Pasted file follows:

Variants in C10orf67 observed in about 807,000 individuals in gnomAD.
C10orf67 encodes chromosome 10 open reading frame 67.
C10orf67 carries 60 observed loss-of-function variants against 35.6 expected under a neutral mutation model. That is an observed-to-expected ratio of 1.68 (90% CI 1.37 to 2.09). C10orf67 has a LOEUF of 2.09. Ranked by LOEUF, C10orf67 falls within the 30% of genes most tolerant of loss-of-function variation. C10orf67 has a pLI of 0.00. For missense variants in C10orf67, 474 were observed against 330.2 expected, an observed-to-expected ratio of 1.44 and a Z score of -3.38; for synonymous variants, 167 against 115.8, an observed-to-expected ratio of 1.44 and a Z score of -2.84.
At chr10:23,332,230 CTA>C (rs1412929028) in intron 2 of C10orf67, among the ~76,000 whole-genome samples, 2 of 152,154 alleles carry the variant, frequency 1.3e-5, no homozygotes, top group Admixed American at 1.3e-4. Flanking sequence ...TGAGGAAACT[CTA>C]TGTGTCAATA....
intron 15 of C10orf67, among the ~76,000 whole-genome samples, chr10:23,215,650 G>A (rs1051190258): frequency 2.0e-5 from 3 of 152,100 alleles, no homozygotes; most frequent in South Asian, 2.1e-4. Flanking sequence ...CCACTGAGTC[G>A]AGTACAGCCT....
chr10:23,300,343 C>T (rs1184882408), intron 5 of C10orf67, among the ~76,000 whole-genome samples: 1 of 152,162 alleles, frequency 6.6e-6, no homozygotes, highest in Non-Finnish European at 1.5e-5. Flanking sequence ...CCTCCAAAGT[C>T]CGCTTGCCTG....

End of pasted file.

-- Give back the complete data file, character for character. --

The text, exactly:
Variants in C10orf67 observed in about 807,000 individuals in gnomAD.
C10orf67 encodes chromosome 10 open reading frame 67.
C10orf67 carries 60 observed loss-of-function variants against 35.6 expected under a neutral mutation model. That is an observed-to-expected ratio of 1.68 (90% CI 1.37 to 2.09). C10orf67 has a LOEUF of 2.09. Ranked by LOEUF, C10orf67 falls within the 30% of genes most tolerant of loss-of-function variation. C10orf67 has a pLI of 0.00. For missense variants in C10orf67, 474 were observed against 330.2 expected, an observed-to-expected ratio of 1.44 and a Z score of -3.38; for synonymous variants, 167 against 115.8, an observed-to-expected ratio of 1.44 and a Z score of -2.84.
At chr10:23,332,230 CTA>C (rs1412929028) in intron 2 of C10orf67, among the ~76,000 whole-genome samples, 2 of 152,154 alleles carry the variant, frequency 1.3e-5, no homozygotes, top group Admixed American at 1.3e-4. Flanking sequence ...TGAGGAAACT[CTA>C]TGTGTCAATA....
intron 15 of C10orf67, among the ~76,000 whole-genome samples, chr10:23,215,650 G>A (rs1051190258): frequency 2.0e-5 from 3 of 152,100 alleles, no homozygotes; most frequent in South Asian, 2.1e-4. Flanking sequence ...CCACTGAGTC[G>A]AGTACAGCCT....
chr10:23,300,343 C>T (rs1184882408), intron 5 of C10orf67, among the ~76,000 whole-genome samples: 1 of 152,162 alleles, frequency 6.6e-6, no homozygotes, highest in Non-Finnish European at 1.5e-5. Flanking sequence ...CCTCCAAAGT[C>T]CGCTTGCCTG....